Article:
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Proposed Recovery Strategy for Vancouver Lamprey
2. Description of Needs of the Species
2.1 Biological Needs, Ecological Role and Limiting Factors
Ecological Role.-- After metamorphosis, Vancouver lamprey are external parasites of other fish species, and as such play a role in limiting abundance of those species. They feed primarily on coho salmon (Oncorhynchus kisutch) and coastal cutthroat trout (O. clarki clarki), although other salmonids such as Dolly Varden char (Salvelinus malma) are also preyed upon (Beamish 1998). Lamprey are also preyed upon by fishes and other wildlife and thereby form part of the food base of those species. Ammocoetes are most vulnerable to predation immediately after emerging from their burrows (Close et al. 2002). Both live and spawned out adults of Pacific lamprey are a significant component of some fish and wildlife diets (Close et al. 2002), though the extent of predation on Vancouver lamprey is not known.
Limiting Factors.-- The environmental factors that limit Vancouver lamprey have not been well-studied. We assume that populations are affected by competition, predation, habitat quantity and quality, and food availability, though the relative effect of each is not known. It is evident that to persist over the long term, all species require sufficient rearing and spawning habitat and a healthy food base.
2.2 Habitat Needs
Vancouver lamprey have been reported only in Cowichan and Mesachie lakes on Vancouver Island. Cowichan Lake is 30 km long, 6204.3 ha in area, 152 m maximum depth, 50.1 m average depth, and has an elevation of 164 m (Province of BC 2005). It is the second largest lake on Vancouver Island, and drains eastward into the Cowichan River. Mesachie Lake is considerably smaller: 59.3 ha in area, 32 m maximum depth, and with an elevation of 167 m (Province of BC 2005). It is entirely within the Cowichan Lake watershed and drains into the southwestern corner of Cowichan Lake. Both lakes are oligotrophic, a nutrient status typical of coastal lakes in the area. The Cowichan Valley experiences a variable climate that is generally warm and dry in summer and mild and wet in winter.
A variety of other fish species have been reported from the lakes, including chinook (O. tschawytscha; Cowichan Lake only), coho salmon, cutthroat trout, Dolly Varden, kokanee (O. nerka), prickly sculpin (Cottus asper), rainbow and steelhead trout (O. mykiss), threespine stickleback (Gasterosteus aculeatus), plus three non-native species – Atlantic salmon (Salmo salar; likely not self-sustaining), brook trout (Salvelinus fontinalis) and smallmouth bass (Micropterus dolomieui; Cowichan Lake only) (Province of BC 2005).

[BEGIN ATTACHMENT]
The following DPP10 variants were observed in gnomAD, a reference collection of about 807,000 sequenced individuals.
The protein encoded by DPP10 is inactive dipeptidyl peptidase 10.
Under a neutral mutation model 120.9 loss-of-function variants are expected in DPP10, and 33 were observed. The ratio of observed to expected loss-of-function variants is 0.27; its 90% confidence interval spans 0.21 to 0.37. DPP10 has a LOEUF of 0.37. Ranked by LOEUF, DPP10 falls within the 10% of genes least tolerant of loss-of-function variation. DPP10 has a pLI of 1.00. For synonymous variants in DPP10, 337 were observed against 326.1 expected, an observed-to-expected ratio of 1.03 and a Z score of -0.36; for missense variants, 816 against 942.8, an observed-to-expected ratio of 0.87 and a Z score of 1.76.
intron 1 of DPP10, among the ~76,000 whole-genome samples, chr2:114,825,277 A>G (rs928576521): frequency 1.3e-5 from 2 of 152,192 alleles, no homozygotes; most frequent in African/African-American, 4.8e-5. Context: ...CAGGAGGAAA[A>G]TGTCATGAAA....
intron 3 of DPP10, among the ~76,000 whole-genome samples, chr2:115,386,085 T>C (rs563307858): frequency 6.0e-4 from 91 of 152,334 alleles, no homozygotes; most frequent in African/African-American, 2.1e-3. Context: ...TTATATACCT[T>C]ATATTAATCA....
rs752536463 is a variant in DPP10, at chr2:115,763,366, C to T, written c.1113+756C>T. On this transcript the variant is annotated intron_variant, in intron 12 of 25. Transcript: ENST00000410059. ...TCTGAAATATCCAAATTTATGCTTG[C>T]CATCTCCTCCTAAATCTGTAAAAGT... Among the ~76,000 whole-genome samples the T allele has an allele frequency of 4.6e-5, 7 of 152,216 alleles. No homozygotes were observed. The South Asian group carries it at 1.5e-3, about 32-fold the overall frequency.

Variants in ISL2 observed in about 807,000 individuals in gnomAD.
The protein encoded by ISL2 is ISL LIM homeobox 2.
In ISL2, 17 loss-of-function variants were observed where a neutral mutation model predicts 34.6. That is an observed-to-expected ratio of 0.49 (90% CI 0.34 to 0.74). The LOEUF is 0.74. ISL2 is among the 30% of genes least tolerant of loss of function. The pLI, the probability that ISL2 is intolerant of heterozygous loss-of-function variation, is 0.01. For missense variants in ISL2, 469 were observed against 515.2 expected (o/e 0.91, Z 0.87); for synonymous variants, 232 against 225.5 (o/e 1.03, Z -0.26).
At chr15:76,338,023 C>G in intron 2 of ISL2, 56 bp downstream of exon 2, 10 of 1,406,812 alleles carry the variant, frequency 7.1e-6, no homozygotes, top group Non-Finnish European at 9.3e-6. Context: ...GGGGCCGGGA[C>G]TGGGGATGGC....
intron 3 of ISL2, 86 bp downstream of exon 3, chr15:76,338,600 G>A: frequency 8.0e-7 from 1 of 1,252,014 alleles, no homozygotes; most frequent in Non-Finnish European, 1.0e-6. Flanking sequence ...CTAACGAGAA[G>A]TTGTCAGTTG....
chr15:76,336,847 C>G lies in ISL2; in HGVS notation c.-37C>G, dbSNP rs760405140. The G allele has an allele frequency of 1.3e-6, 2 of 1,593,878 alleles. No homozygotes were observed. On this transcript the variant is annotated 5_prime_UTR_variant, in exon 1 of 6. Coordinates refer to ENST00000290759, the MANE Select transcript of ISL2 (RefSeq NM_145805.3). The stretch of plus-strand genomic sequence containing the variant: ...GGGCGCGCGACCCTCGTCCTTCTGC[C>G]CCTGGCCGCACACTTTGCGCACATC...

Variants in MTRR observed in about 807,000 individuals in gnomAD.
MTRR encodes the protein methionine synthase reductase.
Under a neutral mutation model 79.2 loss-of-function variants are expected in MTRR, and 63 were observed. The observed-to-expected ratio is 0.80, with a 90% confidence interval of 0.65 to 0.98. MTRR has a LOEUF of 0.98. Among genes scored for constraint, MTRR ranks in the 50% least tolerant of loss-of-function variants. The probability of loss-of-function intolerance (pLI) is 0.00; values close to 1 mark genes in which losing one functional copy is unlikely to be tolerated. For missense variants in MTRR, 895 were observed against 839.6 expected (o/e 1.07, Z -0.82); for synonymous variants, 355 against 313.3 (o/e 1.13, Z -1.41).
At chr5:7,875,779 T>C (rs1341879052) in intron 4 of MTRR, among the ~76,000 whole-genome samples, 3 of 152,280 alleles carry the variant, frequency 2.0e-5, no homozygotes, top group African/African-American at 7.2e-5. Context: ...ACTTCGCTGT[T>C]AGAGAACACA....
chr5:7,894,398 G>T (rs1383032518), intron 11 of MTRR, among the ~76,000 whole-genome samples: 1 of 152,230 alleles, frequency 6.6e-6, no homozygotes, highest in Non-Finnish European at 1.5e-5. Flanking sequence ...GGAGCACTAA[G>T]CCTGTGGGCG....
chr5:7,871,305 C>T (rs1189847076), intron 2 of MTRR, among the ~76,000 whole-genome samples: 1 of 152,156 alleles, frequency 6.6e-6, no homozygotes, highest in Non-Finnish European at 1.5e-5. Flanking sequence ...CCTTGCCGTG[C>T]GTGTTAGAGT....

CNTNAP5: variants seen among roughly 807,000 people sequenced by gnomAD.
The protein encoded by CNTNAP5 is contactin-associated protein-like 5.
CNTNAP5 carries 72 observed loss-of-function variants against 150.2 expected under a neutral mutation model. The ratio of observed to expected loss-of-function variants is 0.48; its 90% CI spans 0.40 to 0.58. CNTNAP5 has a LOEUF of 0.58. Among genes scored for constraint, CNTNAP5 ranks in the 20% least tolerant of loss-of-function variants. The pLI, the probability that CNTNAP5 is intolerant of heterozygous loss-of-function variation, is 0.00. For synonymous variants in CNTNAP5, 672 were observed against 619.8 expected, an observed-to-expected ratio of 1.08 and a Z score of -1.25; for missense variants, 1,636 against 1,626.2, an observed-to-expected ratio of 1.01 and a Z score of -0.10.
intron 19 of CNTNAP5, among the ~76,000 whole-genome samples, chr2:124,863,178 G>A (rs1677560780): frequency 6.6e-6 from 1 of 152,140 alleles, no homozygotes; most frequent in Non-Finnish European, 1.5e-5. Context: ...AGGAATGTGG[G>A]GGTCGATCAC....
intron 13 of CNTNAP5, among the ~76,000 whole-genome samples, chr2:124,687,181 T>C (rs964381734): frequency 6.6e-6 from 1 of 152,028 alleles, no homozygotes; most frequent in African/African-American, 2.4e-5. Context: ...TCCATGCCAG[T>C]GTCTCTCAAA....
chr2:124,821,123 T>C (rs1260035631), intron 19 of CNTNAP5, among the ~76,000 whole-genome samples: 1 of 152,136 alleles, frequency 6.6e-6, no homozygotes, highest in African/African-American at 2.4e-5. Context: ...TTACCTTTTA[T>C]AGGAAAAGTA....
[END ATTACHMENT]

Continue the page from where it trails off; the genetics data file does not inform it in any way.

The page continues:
The spawning habitat requirements of Vancouver lamprey are not known in detail. Beamish (1985, 1998) indicated that they use nearshore lake habitat for spawning, rather than the stream habitats typically used by Pacific lamprey. However, ammocoetes have been found in the lower portions of some lake tributaries (Beamish 1982), indicating that some spawning does occur in these tributaries. Beamish (1998) describes spawning aggregations on shallow gravel deltas near the mouth of tributary creeks, in water depths of 0.2 to 2 m. Spawning behaviour in the lab is similar to that of Pacific lamprey (Beamish 1998), which construct nests in areas of gravel, where eggs are deposited and fertilized, and subsequently rear. Hatching generally occurs a short time after fertilization. Other lamprey species require clean gravels with interstitial flow or groundwater upwelling for spawning and incubation. We assume that Vancouver lamprey have similar requirements. Distribution into deeper habitats has not been investigated.
After hatching, ammocoetes drift a short distance from the nest, where they burrow into soft fine sediments or sand (Scott and Crossman 1973). Vancouver lamprey ammocoetes are usually found within the lake in close proximity to tributary creeks (Beamish 1998). Larval habitat is thus generally defined as fine sediment areas in close proximity to lake tributaries, but the depth and spatial distribution of larval habitat remains poorly understood.
Little is known about Vancouver lamprey biology between the time of metamorphosis and spawning. Active feeding occurs in the warmer months, and considerable growth occurs from metamorphosis to time at spawning (Beamish 1982). We assume that during this time, the lamprey seek prey in a variety of locations within the water column. The habitat requirements of this life stage are not known.
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